"How long have you been flying?" asks a passenger.
"Since last Wednesday" Kaile replies with all sincerity as she launches eight mortal souls into the air. Kylie is a pilot for Kappadokya Balloons and with every quick line, we're all in stitches, because she makes us feel like she's never told the same joke or answered the same question before.
"No seriously...how long have you been flying?" the question is nervously repeated.
But there is no reason to be nervous. The balloon flight is gentle, and even those of us who suffer vertigo or fear of heights (and on this flight there is a surprising many) don't have any qualms with the entire adventure.
We met at the Kappadokya Balloons office around dawn, huddled around cups of coffee and Turkish tea and were quickly ushered to the take off spot, a clear flat area, where the balloons could be inflated. This in itself is an experience. The balloons on the ground are larger than you can imagine when you see them soaring above you with little references in the sky to indicate their size. On ground, the sheets silk stretches out in endless colour and once inflation with cold air begins, the staff aiding its inflation are dwarved inside it. As the hot airs pumps in from those powerful sounding burners, the balloon and basket rights itself. We're all grinning from ear to ear.
The take off is so gentle I don't think I noticed the exact moment we left the ground. We rise slowly or so it seems and we fall slowly too, but I notice that other balloons are doing so at an alarming speed, so perhaps we are moving so gently that I can't notice the ground rush up to us or fall below us. I only notice when it's so high that I don't feel like leaning over anymore.
We fly over hand tended gardens, with crops and trees planted and watered by man not machines. We marvel at the erratic shapes of each field and the straight lines of vines. We look at the thirsty cracks in the soil, ingenious attempts at irrigation, and a scarecrow made of black bin liners. We wave and greet a farmer guneydin and with typical toothless grin, he waves back.
Of course we also explore the valleys, littered with "rude shapes" as the very English Kaile calls the phallic shaped rocks. We spot caves and pigeon niches and drift rather worryingly near the side of a valley. We lift quickly to avoid it but we can deliberately hit the soft trees, their tops bending against the balloon basket, the eight of us flinching as it draws close and then blinking in the soft pollen that is scattered once we hit.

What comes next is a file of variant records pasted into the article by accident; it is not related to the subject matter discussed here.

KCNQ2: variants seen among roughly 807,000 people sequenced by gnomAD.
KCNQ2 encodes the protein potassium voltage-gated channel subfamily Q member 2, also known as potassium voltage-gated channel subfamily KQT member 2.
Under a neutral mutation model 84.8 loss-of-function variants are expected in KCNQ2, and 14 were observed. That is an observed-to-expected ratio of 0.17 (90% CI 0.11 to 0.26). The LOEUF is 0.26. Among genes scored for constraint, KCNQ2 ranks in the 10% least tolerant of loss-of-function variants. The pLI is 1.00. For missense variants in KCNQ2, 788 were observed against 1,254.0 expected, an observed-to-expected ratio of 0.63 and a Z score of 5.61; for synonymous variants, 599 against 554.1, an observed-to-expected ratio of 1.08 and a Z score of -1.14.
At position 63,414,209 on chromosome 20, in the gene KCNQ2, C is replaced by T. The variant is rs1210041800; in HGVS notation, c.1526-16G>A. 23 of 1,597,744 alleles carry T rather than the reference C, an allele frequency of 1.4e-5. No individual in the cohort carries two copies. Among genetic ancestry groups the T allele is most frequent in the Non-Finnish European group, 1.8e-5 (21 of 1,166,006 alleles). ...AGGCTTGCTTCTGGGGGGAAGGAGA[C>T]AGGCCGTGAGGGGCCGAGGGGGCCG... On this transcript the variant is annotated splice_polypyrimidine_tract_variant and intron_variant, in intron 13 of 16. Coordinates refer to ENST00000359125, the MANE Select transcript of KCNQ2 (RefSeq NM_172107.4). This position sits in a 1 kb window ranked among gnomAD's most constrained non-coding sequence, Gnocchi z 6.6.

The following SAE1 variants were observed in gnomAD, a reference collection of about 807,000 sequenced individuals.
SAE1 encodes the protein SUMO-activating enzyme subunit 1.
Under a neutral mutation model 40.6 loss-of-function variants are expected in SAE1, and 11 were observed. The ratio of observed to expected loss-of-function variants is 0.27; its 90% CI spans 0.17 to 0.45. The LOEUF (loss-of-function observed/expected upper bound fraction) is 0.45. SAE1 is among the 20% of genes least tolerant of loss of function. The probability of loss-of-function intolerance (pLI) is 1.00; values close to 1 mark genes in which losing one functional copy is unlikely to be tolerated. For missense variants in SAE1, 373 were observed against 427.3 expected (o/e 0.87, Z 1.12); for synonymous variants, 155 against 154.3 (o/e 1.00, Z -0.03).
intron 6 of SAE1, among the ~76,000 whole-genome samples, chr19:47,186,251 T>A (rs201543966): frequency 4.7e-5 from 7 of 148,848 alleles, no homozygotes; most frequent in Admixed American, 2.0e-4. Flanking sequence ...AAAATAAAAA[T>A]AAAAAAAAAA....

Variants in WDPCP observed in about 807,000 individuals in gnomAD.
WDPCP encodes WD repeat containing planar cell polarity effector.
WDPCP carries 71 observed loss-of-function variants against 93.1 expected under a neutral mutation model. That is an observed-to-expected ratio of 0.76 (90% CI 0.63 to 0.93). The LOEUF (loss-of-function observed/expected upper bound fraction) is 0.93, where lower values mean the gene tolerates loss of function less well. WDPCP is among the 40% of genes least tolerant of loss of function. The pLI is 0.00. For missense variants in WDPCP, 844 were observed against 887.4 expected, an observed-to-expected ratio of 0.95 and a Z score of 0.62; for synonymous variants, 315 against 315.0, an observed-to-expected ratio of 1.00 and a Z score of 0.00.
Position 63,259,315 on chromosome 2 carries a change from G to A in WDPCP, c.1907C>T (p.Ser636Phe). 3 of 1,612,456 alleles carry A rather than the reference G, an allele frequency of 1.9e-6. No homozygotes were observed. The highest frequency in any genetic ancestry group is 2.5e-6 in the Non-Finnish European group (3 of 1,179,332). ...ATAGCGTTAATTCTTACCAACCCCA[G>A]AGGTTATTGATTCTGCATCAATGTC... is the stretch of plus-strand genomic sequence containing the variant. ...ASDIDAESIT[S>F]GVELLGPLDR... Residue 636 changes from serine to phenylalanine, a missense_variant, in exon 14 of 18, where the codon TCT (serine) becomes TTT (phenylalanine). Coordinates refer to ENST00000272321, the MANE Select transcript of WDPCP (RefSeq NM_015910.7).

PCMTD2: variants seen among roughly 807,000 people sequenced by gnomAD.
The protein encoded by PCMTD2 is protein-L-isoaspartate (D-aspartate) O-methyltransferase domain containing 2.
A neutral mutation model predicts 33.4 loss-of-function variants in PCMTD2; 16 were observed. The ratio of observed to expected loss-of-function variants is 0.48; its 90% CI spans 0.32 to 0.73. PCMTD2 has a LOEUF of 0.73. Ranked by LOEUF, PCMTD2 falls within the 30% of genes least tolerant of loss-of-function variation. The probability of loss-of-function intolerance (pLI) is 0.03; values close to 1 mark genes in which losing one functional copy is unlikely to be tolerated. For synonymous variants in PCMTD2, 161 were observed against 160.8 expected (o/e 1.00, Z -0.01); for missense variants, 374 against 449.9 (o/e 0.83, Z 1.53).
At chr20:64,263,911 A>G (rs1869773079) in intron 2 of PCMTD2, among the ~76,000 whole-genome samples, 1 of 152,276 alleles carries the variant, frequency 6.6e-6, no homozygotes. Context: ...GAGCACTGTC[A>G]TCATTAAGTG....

We also just skip over a powerline, and Kaile later calls out on the radio "don't forget the power line at the end of the valley" to the other Kappadokya Balloons. We go low enough to scrape the ground as we exit a valley, and at times the balloons have been able to pick the fruit off the trees as they pass.
At a point, the group breaks into song and Happy Birthday can be heard over the air and well wishers come in over the radio. I had always dreamed of taking this flight for my 30th birthday. It's my moment and I love it.
The burners control our height, but otherwise we are at the mercy of the wind. Once we have been drifting in silence for some time, and the burners are pushed on again, I jump with the sound and the heat, which is more intense away from the balloon basket. We laugh as I ensure that next time the burners go off, I don't leap out the basket.
We are snap happy. "How many photos of Uchisar Kale from the air can we take" joke those of us staying outside of Goreme. We call it our castle with the smugness of those who are outside the main tourist traps.
We spend much more than an hour in the air and I suppose only stop because our batteries and film is exhausted and our cheeks ache with smiles. We touch down, and the support crew who have followed our progress are there to gather the balloon and with a little bit of weight shifting (the larger men get out, we women folk stay aboard) and the balloon is pushed as it drifts onto the trailer. Sure beats lifting it by hand.
We are spoilt by cake and visne with champagne when we all gather, and I am spoilt by candles and song once more. There has been no better way to turn 30, but I am sure it's also a good way to turn 31.